The poor condition of Building 1 causes an estimated loss in productivity of at least 20 percent due to the need to repeat experiments to produce quality research results and to compensate for poor controls in other ways. Averaged results from economic studies conducted in a number of different industrial sectors have found that a dollar invested in NIST research produces about $40 in U.S. economic and social benefits. This means that the $10 million loss in NIST Boulder research productivity results in $400 million annually in unrealized economic and social benefits for the U.S. overall.
A detailed 2006 facility review found that less than 25 percent of NIST Boulder laboratory space performs to required specifications. Some high-performance laboratory space will be provided by the NIST Boulder Precision Measurement Laboratory currently under construction. Yet even when this space becomes available in 2011, more than 50 percent of NIST Boulder laboratory space must undergo extensive renovation to ensure that the Institute can perform the exacting, precision measurements required to meet its mission.
Proposed NIST Program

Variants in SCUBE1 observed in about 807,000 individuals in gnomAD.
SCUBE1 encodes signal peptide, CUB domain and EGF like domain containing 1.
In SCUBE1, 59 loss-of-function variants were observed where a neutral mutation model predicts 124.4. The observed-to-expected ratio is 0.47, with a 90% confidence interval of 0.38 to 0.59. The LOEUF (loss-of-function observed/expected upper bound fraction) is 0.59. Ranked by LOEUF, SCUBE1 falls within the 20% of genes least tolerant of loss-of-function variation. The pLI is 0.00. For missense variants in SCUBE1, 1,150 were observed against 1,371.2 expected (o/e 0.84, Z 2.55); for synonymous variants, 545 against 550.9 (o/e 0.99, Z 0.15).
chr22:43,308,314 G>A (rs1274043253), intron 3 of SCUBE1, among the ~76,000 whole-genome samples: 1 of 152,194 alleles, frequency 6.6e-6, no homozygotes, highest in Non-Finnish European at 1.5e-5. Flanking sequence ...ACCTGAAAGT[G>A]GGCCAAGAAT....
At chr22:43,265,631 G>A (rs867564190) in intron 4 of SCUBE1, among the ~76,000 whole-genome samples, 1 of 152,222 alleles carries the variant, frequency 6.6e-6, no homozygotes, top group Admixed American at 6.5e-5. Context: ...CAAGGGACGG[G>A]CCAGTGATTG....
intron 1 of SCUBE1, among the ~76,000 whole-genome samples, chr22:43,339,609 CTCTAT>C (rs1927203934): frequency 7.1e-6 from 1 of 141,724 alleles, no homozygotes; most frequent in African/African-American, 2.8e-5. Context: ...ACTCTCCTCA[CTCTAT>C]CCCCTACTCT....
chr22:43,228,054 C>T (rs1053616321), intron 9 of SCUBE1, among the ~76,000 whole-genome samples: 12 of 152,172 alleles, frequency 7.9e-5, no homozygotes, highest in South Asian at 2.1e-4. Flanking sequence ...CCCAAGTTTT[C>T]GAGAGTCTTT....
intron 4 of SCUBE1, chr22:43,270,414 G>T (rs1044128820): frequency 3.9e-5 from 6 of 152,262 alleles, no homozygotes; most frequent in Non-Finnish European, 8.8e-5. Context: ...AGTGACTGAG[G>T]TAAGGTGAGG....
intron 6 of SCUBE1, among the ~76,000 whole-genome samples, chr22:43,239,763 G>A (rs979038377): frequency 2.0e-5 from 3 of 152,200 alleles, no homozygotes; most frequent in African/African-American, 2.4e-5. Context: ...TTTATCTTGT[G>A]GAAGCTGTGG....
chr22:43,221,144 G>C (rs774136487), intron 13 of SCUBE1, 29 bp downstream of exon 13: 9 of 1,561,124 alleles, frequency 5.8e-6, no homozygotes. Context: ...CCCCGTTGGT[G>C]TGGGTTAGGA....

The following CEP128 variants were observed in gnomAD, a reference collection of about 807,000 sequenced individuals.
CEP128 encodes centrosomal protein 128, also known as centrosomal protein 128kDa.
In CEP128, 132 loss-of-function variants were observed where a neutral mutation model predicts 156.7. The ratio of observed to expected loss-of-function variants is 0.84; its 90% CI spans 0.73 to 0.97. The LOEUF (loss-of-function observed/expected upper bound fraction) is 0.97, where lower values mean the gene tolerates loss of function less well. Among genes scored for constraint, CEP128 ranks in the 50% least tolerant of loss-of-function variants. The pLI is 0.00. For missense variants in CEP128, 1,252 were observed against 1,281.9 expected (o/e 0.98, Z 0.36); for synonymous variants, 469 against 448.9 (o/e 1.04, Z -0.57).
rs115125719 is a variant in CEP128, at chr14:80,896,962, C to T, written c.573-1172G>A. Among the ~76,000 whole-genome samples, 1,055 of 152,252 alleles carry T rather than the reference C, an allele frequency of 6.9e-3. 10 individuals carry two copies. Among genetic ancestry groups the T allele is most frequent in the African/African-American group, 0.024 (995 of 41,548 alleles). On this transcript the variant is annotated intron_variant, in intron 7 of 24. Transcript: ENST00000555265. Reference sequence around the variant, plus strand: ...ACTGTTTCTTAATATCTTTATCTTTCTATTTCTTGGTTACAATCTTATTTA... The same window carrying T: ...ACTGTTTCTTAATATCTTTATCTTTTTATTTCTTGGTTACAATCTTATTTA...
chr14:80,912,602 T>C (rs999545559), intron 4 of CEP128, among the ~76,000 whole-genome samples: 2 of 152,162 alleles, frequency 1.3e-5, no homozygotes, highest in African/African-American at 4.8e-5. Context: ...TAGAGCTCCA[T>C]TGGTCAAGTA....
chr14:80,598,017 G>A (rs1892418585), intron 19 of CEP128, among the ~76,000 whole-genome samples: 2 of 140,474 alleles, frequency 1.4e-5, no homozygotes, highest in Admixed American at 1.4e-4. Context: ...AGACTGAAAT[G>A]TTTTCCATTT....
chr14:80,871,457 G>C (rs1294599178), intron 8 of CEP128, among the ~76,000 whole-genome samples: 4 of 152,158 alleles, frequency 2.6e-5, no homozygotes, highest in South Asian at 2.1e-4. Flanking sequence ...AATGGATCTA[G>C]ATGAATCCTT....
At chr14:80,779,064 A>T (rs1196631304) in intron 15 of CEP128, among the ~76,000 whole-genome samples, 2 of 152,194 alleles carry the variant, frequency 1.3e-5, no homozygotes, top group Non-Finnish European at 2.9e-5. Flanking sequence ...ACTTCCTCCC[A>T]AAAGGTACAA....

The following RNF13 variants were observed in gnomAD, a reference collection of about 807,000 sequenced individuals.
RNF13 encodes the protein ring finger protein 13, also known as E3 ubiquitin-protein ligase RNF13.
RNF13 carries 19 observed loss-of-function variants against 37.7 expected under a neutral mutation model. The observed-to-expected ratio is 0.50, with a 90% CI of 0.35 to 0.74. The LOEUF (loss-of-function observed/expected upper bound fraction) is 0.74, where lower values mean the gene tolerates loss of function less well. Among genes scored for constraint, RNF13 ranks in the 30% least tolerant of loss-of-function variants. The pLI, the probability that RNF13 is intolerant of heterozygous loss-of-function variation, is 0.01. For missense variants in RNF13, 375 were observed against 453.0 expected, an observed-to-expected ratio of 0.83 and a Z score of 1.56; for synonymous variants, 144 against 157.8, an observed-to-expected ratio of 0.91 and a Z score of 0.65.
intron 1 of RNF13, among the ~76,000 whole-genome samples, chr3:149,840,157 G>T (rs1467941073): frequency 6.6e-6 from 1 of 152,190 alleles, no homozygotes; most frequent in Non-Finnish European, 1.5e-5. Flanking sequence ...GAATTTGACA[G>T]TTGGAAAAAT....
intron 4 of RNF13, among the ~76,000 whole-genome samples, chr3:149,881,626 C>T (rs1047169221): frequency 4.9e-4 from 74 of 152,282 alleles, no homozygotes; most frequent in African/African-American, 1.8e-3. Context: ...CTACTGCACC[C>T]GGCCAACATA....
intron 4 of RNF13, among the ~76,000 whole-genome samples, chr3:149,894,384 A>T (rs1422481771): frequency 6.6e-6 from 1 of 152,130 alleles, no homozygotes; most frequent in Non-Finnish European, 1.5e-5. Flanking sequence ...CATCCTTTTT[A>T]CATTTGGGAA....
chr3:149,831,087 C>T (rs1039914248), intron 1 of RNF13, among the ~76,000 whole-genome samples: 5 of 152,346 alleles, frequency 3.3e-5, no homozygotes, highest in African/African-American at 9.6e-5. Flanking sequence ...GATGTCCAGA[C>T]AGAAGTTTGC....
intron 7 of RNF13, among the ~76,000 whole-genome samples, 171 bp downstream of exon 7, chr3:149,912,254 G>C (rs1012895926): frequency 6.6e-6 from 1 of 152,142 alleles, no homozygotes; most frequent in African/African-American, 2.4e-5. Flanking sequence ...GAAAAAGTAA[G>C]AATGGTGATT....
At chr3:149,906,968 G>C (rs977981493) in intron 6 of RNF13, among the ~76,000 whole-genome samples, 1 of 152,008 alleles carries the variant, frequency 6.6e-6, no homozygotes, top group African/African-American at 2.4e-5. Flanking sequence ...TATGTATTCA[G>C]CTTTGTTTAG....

This initiative is part of a comprehensive, multi-year plan for the phased construction of new space and renovation of Building 1 at the NIST Boulder laboratories. The 2011 funding request will support:
- completion of external renovations begun in 2010 to Wings 3, 5, and 6 and the Center Spine such as modified roof structures, service corridors, and mechanical equipment rooms;
- extensive internal renovations to Wing 3 and a portion of Wing 5, including all heating and air conditioning and other support systems, power, communications, life safety, security, chilled water, and other supplies;
- approximately 22,500 gross square feet (2090 square meters) of temporary swing space to accommodate the renovation; and
- use of green construction technologies, including conservation of water, energy, and construction materials.
The successful renovation of Building 1 is a critical step to ensure that NIST can more effectively support key national technology priorities in energy, manufacturing, health care, physical infrastructure, homeland security, nanotechnology, information technology, and many other national areas.